Jan David Pasteur, born 23 May 1753 in Leyden, died 9 January 1804, held important positions of state after the revolution of 1795. This did not stop him from becoming one of the country’s most prolific writers. He also translated more than 80 works, Cook’s travels, among them. He also wrote a “Condensed Natural History of Mammals in 3 parts for young people”, which was well presented, detailed and richly illustrated.
Source: Regt, J.W.: Neërlands beroemde personen. Schoonhoven, 1869.
Jan David Pasteur, was born on 23 May 1753 in Leyden of a wealthy middle-class family. After studying ancient languages at the Latin School, he took up Law, intending to make it his career. On 13 Feb. 1776, at the age of 23, he became Commissioner of Customs and Excise Taxes and secretary in Gravendeel, where he spent his spare time studying his favourite subject, Natural History. However, political troubles in which he was involved brought this to an end. In 1795 the Provisional Representatives of Holland instructed him and naval commander Jan Louis Vitriarius to go to England to obtain the return of the Dutch ships held there, to re-establish communication between the two nations, and also to inform the captains of the situation at home and to convey the Government’s wish that they leave Great Britain with their ships as soon as possible and put into a harbour of a friendly nation. After the success of such a mission he was appointed member of the Republic Navy in 1796 and also representative of the first National Assembly. That same year, in October, he was sent to Paris, together with Lestevenon and Meyer as commissioners of the Batavian Republic, to attend the peace negotiations between de la Croix of France and the English ambassador Malmesbury. Back home he opened the first session of the Second National Assembly on 1 Sept. 1797. During the revolution of Jan. 1798 he was imprisoned in Huis ten Bosch but was released in June of the same year. As soon as constitutional order had returned in Sept 1798 he was appointed Secretary of the Second Chamber of the Representative Body and in October 1801, when a new constitution had been enacted, he took on the post of Secretary of the Legislative Body of the Batavian Republic. He died on 9 Jan 1804, leaving a widow, Johanna Hendrika Kraane, whom he married in 1778, and two sons and two daughters.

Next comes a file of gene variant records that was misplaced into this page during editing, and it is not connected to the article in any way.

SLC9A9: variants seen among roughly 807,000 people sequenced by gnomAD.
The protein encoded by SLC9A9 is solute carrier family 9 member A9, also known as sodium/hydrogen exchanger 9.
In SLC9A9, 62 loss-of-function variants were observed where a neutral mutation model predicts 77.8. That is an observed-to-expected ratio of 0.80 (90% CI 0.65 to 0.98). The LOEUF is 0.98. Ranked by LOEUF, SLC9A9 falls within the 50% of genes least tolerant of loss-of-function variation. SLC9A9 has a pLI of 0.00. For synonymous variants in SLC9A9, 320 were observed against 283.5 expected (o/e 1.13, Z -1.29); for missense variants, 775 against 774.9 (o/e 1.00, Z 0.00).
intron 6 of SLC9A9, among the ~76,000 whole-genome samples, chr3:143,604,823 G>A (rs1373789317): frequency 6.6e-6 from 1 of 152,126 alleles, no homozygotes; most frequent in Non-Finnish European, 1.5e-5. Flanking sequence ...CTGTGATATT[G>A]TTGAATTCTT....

The poet P.M.Marron wrote an epitaph for him and A.J.Verbeek gave his obituary in the “Konst-en Letterbode”, 1804.
He wrote an Abridged Natural history of Mammals and translated more than 80 books and 300 pamphlets, i.e.
- Le Vaillant’s Travels into the interior parts of Africa
- Cogan’s Journey by the borders of the Rhine
- De Florian’s Numa Pompilius
- Mercier’s The year 2440
- Cook’s Voyages Around the World
- Faujas de Saint-Fond’s Histoire naturelle de la Montagne de Saint-Pierre de Maestrich
Source: Aa, Abraham J. van der: Biographisch woordenboek der Nederlanden. D. 15. Haarlem, 1872.
Translated from Dutch by Jan David Pasteur.
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